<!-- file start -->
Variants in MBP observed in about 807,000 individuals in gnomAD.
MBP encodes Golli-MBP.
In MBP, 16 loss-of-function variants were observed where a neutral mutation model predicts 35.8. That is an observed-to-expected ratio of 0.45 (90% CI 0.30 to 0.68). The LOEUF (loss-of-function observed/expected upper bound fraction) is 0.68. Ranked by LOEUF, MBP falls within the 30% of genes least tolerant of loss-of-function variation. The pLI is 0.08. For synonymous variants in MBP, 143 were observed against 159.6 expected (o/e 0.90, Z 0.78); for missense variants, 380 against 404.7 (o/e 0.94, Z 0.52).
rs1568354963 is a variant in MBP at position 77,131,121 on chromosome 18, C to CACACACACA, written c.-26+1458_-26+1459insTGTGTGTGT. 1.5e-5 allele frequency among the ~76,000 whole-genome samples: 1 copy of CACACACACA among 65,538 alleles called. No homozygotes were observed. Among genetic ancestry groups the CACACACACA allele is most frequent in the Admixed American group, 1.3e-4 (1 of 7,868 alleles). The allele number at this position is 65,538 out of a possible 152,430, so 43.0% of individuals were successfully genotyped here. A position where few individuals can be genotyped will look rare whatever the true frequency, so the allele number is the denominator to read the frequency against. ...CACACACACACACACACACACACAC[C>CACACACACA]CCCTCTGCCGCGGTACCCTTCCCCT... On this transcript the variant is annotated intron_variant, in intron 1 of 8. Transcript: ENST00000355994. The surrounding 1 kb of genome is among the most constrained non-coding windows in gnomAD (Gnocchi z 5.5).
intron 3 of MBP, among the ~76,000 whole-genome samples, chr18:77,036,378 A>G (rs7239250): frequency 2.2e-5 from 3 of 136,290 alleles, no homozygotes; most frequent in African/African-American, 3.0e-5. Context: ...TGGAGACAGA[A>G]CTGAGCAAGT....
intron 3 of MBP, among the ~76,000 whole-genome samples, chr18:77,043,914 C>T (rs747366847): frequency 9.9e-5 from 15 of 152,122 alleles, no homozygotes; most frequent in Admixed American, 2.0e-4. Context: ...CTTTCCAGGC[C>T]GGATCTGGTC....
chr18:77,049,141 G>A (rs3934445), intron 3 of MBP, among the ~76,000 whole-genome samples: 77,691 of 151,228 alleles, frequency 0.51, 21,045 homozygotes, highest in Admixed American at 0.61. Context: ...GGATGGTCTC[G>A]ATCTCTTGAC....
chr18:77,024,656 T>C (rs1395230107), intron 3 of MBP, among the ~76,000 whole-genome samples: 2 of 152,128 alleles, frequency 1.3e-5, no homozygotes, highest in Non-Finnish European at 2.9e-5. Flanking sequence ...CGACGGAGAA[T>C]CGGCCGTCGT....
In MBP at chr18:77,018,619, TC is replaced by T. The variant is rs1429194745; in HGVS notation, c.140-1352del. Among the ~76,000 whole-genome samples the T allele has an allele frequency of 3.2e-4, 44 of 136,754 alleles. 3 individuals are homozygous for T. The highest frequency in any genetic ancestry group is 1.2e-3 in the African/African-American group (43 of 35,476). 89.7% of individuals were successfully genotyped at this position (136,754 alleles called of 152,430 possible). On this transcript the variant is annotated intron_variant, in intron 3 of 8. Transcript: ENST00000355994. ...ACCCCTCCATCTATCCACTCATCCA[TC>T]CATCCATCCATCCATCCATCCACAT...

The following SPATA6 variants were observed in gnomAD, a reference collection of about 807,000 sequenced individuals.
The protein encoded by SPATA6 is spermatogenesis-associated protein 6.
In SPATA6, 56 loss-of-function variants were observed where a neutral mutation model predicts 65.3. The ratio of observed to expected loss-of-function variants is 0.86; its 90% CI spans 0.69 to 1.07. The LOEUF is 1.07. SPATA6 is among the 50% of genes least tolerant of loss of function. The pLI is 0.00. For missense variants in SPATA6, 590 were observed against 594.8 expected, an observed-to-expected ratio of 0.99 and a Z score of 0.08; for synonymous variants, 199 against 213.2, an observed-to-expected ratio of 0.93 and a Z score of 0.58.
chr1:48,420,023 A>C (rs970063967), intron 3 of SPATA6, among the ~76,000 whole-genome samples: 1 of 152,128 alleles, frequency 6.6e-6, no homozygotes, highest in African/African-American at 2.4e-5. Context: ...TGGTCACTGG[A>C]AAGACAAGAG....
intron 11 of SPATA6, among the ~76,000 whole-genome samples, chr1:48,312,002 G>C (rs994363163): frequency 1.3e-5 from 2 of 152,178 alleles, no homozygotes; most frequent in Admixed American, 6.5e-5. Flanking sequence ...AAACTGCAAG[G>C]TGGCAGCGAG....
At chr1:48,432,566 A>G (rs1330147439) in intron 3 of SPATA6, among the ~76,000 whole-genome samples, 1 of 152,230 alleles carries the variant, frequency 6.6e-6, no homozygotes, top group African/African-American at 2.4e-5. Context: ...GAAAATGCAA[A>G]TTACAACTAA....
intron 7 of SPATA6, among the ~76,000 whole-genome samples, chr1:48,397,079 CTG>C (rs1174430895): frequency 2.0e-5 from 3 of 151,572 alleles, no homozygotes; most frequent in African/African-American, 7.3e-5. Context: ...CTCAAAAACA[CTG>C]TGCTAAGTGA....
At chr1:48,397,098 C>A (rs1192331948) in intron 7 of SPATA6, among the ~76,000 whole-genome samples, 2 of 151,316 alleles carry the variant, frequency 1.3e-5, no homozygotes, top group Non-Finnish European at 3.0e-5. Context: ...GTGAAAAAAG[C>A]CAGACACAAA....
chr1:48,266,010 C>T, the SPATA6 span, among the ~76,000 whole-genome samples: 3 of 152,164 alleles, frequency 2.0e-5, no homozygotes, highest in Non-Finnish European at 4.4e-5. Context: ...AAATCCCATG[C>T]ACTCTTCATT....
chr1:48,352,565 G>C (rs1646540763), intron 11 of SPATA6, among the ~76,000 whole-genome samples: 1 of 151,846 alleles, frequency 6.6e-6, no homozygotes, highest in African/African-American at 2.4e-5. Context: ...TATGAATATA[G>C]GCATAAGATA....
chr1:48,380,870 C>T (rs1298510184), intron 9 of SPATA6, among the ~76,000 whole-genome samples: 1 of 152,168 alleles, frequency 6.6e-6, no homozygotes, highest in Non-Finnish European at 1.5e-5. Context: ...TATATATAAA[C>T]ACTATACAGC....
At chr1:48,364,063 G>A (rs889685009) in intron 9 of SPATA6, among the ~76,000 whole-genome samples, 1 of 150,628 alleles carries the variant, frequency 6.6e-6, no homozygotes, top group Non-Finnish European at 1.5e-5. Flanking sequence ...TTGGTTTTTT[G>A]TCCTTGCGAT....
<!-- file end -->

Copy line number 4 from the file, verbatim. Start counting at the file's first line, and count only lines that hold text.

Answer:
rs1568354963 is a variant in MBP at position 77,131,121 on chromosome 18, C to CACACACACA, written c.-26+1458_-26+1459insTGTGTGTGT. 1.5e-5 allele frequency among the ~76,000 whole-genome samples: 1 copy of CACACACACA among 65,538 alleles called. No homozygotes were observed. Among genetic ancestry groups the CACACACACA allele is most frequent in the Admixed American group, 1.3e-4 (1 of 7,868 alleles). The allele number at this position is 65,538 out of a possible 152,430, so 43.0% of individuals were successfully genotyped here. A position where few individuals can be genotyped will look rare whatever the true frequency, so the allele number is the denominator to read the frequency against. ...CACACACACACACACACACACACAC[C>CACACACACA]CCCTCTGCCGCGGTACCCTTCCCCT... On this transcript the variant is annotated intron_variant, in intron 1 of 8. Transcript: ENST00000355994. The surrounding 1 kb of genome is among the most constrained non-coding windows in gnomAD (Gnocchi z 5.5).